These ingredients are not written in stone. Feel free to add or subtract any you choose in whatever quantities you like. Just remember to add each vegetable according to its required cooking time.
o about 1/4 cup olive oil
o 1 1/2 large onions, diced
o 2 stalks celery, sliced
o 1 tsp. Hungarian paprika
o 1 1/2 lb. fresh green beans, stems removed, sliced into thirds
o 4 carrots, sliced
o 1 eggplant, cubed, skin on
o 2 peppers (one red, one yellow) diced
o 3 parsnips, sliced
o 2 zucchini, sliced
o 2 cans (15 oz. each) stewed tomatoes, whizzed in food processor
o 1 tsp. kosher salt, or more to taste
o freshly ground black pepper
o 1 1/2 tsp. cumin powder
o 1 1/2 tsp. herbes de Provence
o 1 tsp. za’atar (find at Middle Eastern market) or thyme
o 1 tsp. sugar, or to taste (optional)
o a few strands saffron, steeped in a little hot water
o 8 oz. mushrooms, sliced
o shaved Parmesan cheese (optional)
Heat oil in large pot over medium heat. Add onions and celery and cook until softened. Add paprika; cook and stir a minute or so. Stir in vegetables, green beans through zucchini, one variety at a time, cooking each about 5 minutes before adding the next. Add stewed tomatoes and spices, stir, cover and cook until the carrots are almost done. Add mushrooms; continue cooking. If too watery, cook uncovered until carrots are done. Add salt and sugar, if using, to taste. Turn into casserole; sprinkle with Parmesan, if desired. Serves an army!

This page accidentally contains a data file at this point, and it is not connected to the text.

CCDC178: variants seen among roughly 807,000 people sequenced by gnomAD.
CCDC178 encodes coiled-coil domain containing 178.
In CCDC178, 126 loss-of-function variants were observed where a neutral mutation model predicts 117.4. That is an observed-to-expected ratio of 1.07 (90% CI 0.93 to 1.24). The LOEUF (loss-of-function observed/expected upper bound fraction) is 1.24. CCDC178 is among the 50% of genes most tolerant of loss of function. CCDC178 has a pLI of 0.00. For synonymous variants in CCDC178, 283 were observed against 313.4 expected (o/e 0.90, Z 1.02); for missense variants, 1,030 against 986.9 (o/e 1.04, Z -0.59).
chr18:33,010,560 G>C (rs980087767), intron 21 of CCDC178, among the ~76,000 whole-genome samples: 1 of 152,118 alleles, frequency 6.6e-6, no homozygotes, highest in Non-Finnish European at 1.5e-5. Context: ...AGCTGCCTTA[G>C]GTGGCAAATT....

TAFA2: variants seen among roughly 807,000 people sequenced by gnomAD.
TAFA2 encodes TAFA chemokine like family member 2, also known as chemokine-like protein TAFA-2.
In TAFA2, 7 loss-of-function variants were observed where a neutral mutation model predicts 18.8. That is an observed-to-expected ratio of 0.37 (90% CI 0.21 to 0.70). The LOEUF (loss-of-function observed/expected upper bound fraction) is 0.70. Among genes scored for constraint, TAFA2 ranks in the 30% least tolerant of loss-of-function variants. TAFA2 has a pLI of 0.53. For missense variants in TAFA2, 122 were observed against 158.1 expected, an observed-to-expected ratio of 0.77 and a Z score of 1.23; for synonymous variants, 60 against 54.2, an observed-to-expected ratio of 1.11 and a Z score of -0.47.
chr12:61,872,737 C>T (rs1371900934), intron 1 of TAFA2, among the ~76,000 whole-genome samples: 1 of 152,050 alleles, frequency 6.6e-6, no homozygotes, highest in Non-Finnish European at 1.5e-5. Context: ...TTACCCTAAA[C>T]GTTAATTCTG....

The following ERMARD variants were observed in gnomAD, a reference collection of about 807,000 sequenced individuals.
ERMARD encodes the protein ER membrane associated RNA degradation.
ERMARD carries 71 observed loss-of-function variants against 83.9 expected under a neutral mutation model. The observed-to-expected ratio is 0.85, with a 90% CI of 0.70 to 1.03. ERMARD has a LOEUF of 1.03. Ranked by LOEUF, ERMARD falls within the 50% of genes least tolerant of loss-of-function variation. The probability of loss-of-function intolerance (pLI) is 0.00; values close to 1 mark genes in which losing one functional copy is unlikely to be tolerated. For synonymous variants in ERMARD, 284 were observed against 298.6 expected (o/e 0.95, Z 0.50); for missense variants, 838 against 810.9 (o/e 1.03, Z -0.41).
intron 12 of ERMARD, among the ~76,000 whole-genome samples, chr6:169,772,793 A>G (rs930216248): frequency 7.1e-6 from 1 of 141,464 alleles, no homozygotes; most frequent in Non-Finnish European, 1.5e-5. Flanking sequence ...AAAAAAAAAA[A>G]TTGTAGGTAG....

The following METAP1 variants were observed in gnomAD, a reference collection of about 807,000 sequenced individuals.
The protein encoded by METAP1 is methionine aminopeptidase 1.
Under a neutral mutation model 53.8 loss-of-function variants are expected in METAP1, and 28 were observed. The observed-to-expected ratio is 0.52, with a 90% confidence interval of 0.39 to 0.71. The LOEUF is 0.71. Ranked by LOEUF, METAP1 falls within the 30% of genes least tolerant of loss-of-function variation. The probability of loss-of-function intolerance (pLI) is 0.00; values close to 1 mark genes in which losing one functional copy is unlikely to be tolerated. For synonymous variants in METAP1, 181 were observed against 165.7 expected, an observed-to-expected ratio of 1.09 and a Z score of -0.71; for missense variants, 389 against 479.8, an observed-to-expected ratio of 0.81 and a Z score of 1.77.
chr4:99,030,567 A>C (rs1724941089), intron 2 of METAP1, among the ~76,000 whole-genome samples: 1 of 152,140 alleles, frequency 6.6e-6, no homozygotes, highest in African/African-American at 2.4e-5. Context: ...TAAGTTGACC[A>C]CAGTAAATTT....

Walnut-stuffed preserved baby eggplants
o 1 lb. baby eggplants (about 8), about 2 1/2 in. long
o 4 cups water
o about 3/4 cup walnut meats, crushed
o 4 large garlic cloves, crushed with 1-1/2 tsp. sea salt in a mortar until mushy
o 3 fresh red finger-type or jalapeño chilis, 2 seeded and finely crushed in a mortar, 1 left whole
several cups extra-virgin olive oil
In medium saucepan, place eggplants and water, bring to a boil over high heat, and boil until half-cooked, about 6 minutes. Drain. Make slit lengthwise in eggplant, place in 1-quart jar, turn jar upside down on plate, and let eggplants drain 36 hours.
In small bowl, combine walnuts, garlic paste and crushed chilis. Push about 1 teaspoon of this stuffing into slit of each eggplant. Return stuffed eggplants to sterilized jar. Lay remaining whole chilis in middle of container. Pour in enough olive oil to completely cover eggplants. Seal, refrigerate. Wait 48 hours before using. Will keep up to 2 weeks.
Stuffed butternut squash
o 1 large butternut squash (at least 2 pounds)
o kosher salt and freshly ground black pepper
o 2 tbsp. olive oil, plus extra for brushing
o 1 large onion, roughly chopped
o 2 garlic cloves, finely chopped
o 1 cup cooked green lentils (made according to package directions)
o 1 cup cooked brown rice (made according to package directions)
o 1/3 cup pine nuts, toasted
o 1/2 cup currants
o 1/4 cup dill, finely chopped
o 1/2 cup fresh cilantro, finely chopped
o 1 1/2 tsp. paprika
o 1 tsp. ground cinnamon
o 2 tbsp. tomato paste
o 2 tbsp. kiddush wine (optional)
Preheat oven to 375. Cut squash in half, scoop out seeds, and discard. Make crisscross cuts into flesh; brush edges with a little oil. Season well with salt and pepper and place in roasting pan. Bake 30 minutes.
In large saucepan, gently cook onions in oil until soft but not coloured. Add garlic last 2 minutes of cooking. Add remaining ingredients. Correct seasonings.
Fill squash cavities with lentil-rice mixture; bake another 30 minutes or until squash is very soft. Serves: 4-6.
Adapted from Jewish Traditional Cooking by Ruth Joseph and Simon Round